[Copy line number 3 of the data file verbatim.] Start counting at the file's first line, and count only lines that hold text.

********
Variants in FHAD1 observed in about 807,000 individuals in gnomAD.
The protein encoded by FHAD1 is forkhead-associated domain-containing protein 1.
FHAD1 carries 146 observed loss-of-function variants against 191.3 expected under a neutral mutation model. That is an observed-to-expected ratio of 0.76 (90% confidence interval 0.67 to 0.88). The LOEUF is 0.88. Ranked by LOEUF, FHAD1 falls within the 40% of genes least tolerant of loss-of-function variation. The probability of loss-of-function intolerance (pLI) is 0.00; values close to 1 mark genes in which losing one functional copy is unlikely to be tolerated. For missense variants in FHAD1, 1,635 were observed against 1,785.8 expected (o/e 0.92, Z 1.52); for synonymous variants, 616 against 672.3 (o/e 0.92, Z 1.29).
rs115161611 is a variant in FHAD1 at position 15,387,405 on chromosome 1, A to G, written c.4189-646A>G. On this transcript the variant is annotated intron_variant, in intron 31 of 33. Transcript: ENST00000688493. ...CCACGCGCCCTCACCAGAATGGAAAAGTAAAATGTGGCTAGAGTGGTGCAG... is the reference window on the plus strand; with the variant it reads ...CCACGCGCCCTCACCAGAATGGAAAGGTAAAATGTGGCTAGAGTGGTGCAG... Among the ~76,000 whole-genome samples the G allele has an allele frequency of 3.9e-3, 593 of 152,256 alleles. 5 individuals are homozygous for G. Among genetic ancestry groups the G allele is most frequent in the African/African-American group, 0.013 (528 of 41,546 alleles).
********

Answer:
FHAD1 carries 146 observed loss-of-function variants against 191.3 expected under a neutral mutation model. That is an observed-to-expected ratio of 0.76 (90% confidence interval 0.67 to 0.88). The LOEUF is 0.88. Ranked by LOEUF, FHAD1 falls within the 40% of genes least tolerant of loss-of-function variation. The probability of loss-of-function intolerance (pLI) is 0.00; values close to 1 mark genes in which losing one functional copy is unlikely to be tolerated. For missense variants in FHAD1, 1,635 were observed against 1,785.8 expected (o/e 0.92, Z 1.52); for synonymous variants, 616 against 672.3 (o/e 0.92, Z 1.29).